Tuesday Morning Musings On The Day Of The AL Wild Card Game

The Yankees will play their first postseason game since October 18, 2012 tonight, hosting the Houston Astros at The Stadium in the American League Wild Card game.  For an organization with the Yankees’ history that has failed to reach the postseason the previous 2 years, I feel like that should be a bigger deal, but the Yankees have seemingly been written off heading into this game.  They staggered to the finish of the regular season, losing 6 of 7 and needing a Houston loss to secure the home field advantage for this game.  Then they got hit with the weight of yesterday’s announcement by CC Sabathia that he will be entering rehab for alcohol abuse immediately and will not be pitching in the postseason.

It’s not the happy place I remember it being when the Bombers were in the dance, but it is the postseason in Yankeeland and that’s always a good thing in my book.  With the game a little less than 14 hours away as of me writing this sentence, let’s talk about some stuff heading into the game.…

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A guest post: Do the Yankees always collapse in September?

[Editor’s note: This is a guest post from longtime IIATMS reader, Professor Longnose. If you’d like to write a guest post, feel free to email me at sgotsulias at gmail dot com. -SG]

Aren’t You Glad Girardi Rested the Yankee Players All Season So They Could Collapse in September the Way They Always Do??

I don’t know how many times I said that after a loss recently, but I said it often enough that I wondered if I was being unfair. The Yankees certainly had a September to forget this year, and I’m pretty sure I remember them doing it last year, too, but my memory is as short as most fans. Does Girardi always manage them to a limp finish? Fortunately, we have the data to take a look.

Here is a fairly complicated chart doing a fairly simple thing: comparing the Yankees winning percentage from the beginning of the season through August 31 with their winning percentage from September 1 through the end of the regular season for every year of Girardi’s managerial reign.…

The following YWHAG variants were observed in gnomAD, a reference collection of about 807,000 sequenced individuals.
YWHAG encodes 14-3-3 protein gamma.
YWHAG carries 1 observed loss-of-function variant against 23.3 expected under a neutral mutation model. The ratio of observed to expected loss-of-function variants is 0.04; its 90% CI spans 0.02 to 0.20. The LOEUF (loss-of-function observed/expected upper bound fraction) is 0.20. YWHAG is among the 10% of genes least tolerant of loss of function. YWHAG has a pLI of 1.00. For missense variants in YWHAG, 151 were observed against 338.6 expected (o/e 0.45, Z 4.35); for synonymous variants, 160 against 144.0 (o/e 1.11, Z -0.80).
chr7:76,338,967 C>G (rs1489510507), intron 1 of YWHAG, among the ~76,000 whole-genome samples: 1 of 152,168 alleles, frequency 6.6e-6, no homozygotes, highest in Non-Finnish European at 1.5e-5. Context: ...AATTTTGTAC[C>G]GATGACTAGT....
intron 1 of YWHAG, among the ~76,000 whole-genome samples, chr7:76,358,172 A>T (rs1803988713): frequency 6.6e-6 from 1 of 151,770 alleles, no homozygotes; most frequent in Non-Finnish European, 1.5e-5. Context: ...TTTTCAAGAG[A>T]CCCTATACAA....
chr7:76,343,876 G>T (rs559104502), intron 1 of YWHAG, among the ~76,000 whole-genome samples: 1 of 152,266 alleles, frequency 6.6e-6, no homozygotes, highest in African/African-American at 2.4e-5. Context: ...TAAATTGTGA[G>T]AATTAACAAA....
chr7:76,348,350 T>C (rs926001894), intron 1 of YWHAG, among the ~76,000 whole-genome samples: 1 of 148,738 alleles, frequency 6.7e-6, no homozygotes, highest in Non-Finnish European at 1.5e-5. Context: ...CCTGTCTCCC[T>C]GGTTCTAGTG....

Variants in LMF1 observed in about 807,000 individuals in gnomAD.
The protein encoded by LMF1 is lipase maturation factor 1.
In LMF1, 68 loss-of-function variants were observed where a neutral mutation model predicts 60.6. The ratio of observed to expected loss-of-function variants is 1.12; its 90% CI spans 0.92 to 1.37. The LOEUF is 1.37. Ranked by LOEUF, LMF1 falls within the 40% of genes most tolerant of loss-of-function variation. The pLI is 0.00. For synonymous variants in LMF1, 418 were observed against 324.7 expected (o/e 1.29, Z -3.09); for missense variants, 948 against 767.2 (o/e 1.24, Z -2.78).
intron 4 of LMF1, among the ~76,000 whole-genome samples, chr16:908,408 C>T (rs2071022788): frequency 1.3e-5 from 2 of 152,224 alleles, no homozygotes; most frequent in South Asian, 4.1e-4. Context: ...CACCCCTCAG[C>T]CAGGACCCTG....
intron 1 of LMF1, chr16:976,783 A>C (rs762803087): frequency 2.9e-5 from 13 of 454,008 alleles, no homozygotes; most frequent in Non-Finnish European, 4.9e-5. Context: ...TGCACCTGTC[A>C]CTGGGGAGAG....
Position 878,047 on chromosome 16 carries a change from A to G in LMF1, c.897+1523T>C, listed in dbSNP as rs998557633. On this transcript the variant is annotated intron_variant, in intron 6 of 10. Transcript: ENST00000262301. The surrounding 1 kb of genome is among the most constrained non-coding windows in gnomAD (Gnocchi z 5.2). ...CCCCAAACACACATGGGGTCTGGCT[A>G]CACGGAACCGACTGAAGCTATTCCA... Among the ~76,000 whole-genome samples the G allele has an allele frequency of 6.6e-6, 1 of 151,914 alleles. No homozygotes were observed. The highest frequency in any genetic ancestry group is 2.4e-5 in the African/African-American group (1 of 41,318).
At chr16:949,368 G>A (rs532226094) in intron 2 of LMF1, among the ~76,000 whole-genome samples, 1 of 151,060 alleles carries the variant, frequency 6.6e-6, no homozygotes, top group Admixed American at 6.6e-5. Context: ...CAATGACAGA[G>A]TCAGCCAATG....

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Random thoughts about life, baseball, moons and dugout kerfuffles

Good morning everyone. It’s random thoughts time (because I cannot come up with anything else to write about today)!

Ready, set, go!

  • The Yankees won three out of four against the White Sox and their magic number is actually down to two so they could clinch a playoff spot if they beat the Red Sox tonight and either A’s beat Angels or Mariners beat Astros.
  • Nice!
  • I still think it’s funny that there are people in Yankeeland who think the Yankees still have a chance to win the division.
  • Have they not seen how Toronto has been playing since the trade deadline?
  • They’re unconscious. (Toronto, not those fans.)
  • And it’s perfectly okay that the Yankees aren’t winning the division.
  • Would I have liked to have seen them win it? Of course.
  • With regards to winning a division, how about those Mets?
  • I’m happy for my friends who are Mets fans.
  • But not that happy…
  • Let’s talk about Saturday, shall we?
  • I attended a charity event that’s held every year in my town and saw some former players.
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A year ago tonight…


Me holding dad’s hand

[Throughout the course of the day, you may see a lot of stuff on social media about Derek Jeter’s last at bat at Yankee Stadium because if you can believe it, it happened a year ago tonight.]

A year ago tonight, I was with my father in his hospital room, watching the Yankee game. I made it a point to be with him that night because I figured who better to watch Derek Jeter’s last home game with than my dad. He was the one who introduced to baseball when I was a little girl, and he was the one who turned me into the rabid Yankee fan I am today. Dad wasn’t feeling well that day and had a fever, but he was able to see Jeter’s double in the first inning. He even pointed at the TV as Jeter made it to second base. He fell asleep sometime in the second inning and didn’t wake up again until about 30 minutes after Jeter’s walk off, but I held his hand almost the entire time.…

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The four stages of baseball grief

After the events of last night, I felt it was important that we explore the stages of baseball grief together. (All four stages were stolen from the five stages of grief.) Of course, different people will have different reactions while going through baseball grief. Some baseball fans tend to wear their baseball emotions on their sleeves, while others tend to grief over baseball in private. But most of us will experience all four of these stages at some point, and I wanted to let you know that you are not alone, and that we can all get through this rough time together.